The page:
I don’t know about the rest of the mystery/thriller community, but I appreciate this spectrum as much as I appreciate the various coffee shops that have sprung up in the wake of Starbuck’s across the country. Sometimes a strawberry frappucino is a delight. Sometimes in the heat of summer I want a fruit-and-iced-tea smoothie. And sometimes nothing but a cup of good, strong black coffee or a pot of hot, honeyed English tea will do.

What’s your preference? The dark stuff or the honeyed?

9 comments:

Victoria said...

I am so with you, Linda! I cut my teeth on Dorothy L. Sayers and Dame Agatha, but fell in love with Sara Paretsky and Sue Grafton. I adore a little angst and tension in my books, a subtle blending of elements!

Oh, and I think your 'tea' photo is gorgeous! LOL. Still love the cozy elements, too.

Linda Rodriguez said...

Thanks, Victoria. I certainly understand the folks who only like one kind of crime novel, but I'm an omnivore. I have favorite authors across the spectrum.

Of course, there are times when my mood makes me want one particular kind of mystery. Ex., illness makes me want books at the traditional, even cozy, end of the spectrum.

Gloria Alden said...

Grrr. I just typed in a loooong message only to have Google pop up asking for my password.

Anyway, I so agree with you, Linda. I have a lot of favorite authors and like to try new ones, too. I tend not to read thrillers with psychos prowling around because I live alone with only a wimpy dog for protection - one who hides when strangers come. :-)

I like a book with an interesting plot and a mystery that I can try to solve. I guess that's why I like mysteries in which I don't know who the killer is at the beginning.

My shelves are full of books I liked too much to get rid of or books still to be read. Like any addict, I can't resist buying a book I think I'll like. I'm looking forward to getting yours next weekend,Linda, and it will be one of the first ones I read when I'm back home.

Warren Bull said...

Linda, Like you, I enjoy a wide range of works and authors. I also like to write every almost sub-genre. Right now I'm working on a collection of noir short stories and a middle grade novel about three girls whose mom runs away with a rock band.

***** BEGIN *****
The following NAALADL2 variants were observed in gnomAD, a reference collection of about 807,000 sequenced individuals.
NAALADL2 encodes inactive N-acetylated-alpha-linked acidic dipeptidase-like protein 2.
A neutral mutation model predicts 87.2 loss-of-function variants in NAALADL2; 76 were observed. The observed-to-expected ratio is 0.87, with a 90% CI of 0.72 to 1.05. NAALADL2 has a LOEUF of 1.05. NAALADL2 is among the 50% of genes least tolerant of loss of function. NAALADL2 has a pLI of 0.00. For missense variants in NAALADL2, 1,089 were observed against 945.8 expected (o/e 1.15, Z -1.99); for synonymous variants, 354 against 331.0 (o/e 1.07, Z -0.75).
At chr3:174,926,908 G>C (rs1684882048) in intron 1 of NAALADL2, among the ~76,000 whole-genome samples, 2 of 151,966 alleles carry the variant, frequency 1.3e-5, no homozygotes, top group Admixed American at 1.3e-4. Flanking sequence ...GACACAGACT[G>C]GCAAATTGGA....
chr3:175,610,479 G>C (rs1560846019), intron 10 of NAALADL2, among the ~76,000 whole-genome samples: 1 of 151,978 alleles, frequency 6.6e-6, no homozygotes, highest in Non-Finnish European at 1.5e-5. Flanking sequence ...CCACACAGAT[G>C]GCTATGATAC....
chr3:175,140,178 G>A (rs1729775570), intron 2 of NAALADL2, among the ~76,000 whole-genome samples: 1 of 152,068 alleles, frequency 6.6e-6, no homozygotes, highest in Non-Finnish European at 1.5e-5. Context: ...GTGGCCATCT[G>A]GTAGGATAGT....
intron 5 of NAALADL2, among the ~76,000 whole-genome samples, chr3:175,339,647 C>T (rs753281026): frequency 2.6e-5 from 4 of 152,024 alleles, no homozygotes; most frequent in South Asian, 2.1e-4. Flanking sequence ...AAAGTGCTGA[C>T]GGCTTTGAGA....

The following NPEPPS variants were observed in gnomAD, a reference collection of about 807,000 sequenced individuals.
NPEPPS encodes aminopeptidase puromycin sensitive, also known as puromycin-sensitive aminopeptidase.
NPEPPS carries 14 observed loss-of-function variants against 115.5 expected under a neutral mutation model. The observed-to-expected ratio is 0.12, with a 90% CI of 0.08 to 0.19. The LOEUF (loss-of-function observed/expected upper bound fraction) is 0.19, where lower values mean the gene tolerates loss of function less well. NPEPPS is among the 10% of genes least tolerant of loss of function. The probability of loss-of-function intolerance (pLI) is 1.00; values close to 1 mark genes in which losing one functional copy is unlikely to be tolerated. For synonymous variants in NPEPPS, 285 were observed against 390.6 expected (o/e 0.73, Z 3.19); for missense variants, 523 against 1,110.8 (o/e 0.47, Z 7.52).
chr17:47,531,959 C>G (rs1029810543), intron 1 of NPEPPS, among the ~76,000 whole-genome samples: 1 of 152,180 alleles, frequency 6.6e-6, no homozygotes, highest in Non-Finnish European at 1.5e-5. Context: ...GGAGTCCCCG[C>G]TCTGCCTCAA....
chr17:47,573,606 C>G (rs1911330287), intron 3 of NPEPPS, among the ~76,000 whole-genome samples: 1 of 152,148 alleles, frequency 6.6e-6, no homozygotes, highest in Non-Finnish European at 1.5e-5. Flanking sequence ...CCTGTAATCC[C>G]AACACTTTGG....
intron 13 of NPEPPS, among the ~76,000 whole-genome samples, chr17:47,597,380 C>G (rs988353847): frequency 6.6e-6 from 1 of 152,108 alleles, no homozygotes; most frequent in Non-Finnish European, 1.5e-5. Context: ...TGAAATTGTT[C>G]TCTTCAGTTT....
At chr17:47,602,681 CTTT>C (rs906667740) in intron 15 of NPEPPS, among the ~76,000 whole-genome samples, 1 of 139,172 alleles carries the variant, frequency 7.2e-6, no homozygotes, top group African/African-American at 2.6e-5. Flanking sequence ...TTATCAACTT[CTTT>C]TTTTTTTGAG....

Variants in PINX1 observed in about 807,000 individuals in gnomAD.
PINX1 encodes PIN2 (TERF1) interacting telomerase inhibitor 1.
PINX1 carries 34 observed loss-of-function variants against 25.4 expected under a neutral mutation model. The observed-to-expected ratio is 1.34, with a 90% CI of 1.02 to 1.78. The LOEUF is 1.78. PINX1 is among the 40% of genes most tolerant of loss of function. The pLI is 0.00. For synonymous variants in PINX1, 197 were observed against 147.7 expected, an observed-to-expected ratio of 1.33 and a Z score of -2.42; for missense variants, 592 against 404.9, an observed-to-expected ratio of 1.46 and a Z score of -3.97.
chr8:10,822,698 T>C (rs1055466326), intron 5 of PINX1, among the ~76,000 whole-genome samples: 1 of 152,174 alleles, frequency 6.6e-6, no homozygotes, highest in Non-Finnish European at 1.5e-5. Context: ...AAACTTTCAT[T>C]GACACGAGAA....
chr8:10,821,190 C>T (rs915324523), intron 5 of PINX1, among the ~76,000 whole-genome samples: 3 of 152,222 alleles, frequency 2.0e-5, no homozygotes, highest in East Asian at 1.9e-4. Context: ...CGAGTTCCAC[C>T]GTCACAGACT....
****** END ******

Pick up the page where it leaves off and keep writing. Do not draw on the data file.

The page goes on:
Linda Rodriguez said...

Gloria, I am so looking forward to meeting you in person at Malice!

Linda Rodriguez said...

Warren, I've read that there are two types of creatives--those who do the same type of thing over and over and those who do something different almost every time. Think Jane Austen versus Dickens. Neither is better than the other. but like you, I fall into the second group.

In today's world, though, it's necessary to a few of the same type of things to build an audience, or we can't get published.

E. B. Davis said...

Most of the time, I like the lighter fare. Reading heavy noir is like watching the news. I want entertainment in a world that doesn't really exist outside of the pages. It's safe, sometimes thrilling, but it is always entertaining. Hope to see Gloria and you at Malice!

Linda Rodriguez said...

Really looking forward to it, EB!

Betty said...

Gloria you crack me up... I too try to stay away from creepy prowler books for the same reason. I do have to say that I used to be pretty specific with the genre of books I read, however, I am broadening my horizons and checking out books I most likely wouldn't have looked at before. For instance, I am now a huge political/medical thriller fan, thanks to my friend who suggested I read J. Thomas Shaw's latest book, "The Rx Factor." I am now hooked!
www.therxfactor.com